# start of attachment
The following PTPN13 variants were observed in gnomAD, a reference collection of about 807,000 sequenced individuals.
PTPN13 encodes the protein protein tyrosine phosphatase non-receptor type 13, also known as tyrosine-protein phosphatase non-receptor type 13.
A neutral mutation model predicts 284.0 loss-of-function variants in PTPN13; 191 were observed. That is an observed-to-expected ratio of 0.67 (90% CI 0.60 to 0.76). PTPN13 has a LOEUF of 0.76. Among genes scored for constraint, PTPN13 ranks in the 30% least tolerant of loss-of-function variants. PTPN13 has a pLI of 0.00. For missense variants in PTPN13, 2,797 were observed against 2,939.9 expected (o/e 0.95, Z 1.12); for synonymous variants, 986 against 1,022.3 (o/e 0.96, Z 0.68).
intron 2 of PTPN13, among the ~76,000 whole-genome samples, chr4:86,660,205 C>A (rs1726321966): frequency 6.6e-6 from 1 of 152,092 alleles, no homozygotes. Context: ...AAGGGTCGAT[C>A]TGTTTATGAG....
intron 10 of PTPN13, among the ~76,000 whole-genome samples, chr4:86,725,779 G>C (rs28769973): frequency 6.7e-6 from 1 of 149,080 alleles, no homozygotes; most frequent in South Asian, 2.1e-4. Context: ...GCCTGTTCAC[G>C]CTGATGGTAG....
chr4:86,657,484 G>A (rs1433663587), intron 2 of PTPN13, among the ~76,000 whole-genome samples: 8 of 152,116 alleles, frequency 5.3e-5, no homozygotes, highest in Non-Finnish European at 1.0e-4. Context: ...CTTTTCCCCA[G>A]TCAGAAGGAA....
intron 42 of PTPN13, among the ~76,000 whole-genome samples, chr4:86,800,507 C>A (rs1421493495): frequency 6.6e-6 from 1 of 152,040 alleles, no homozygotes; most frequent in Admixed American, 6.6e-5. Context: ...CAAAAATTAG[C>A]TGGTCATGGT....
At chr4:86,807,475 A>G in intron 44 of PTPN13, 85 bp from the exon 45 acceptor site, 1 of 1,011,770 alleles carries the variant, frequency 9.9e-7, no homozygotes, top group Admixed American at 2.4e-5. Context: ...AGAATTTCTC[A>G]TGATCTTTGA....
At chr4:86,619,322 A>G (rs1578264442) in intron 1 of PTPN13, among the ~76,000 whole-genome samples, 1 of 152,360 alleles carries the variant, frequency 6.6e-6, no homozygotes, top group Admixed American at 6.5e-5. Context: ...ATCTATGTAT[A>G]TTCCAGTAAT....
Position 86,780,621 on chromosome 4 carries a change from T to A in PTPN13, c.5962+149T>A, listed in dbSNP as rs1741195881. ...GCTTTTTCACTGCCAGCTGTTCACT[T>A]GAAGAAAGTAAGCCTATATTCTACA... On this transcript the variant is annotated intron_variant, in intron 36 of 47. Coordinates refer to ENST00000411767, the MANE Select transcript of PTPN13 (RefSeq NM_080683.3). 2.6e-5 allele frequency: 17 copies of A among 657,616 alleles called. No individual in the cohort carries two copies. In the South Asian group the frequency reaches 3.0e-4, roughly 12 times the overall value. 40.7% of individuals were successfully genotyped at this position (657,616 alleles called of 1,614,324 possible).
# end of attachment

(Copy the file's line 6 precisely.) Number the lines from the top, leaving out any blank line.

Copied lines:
chr4:86,657,484 G>A (rs1433663587), intron 2 of PTPN13, among the ~76,000 whole-genome samples: 8 of 152,116 alleles, frequency 5.3e-5, no homozygotes, highest in Non-Finnish European at 1.0e-4. Context: ...CTTTTCCCCA[G>A]TCAGAAGGAA....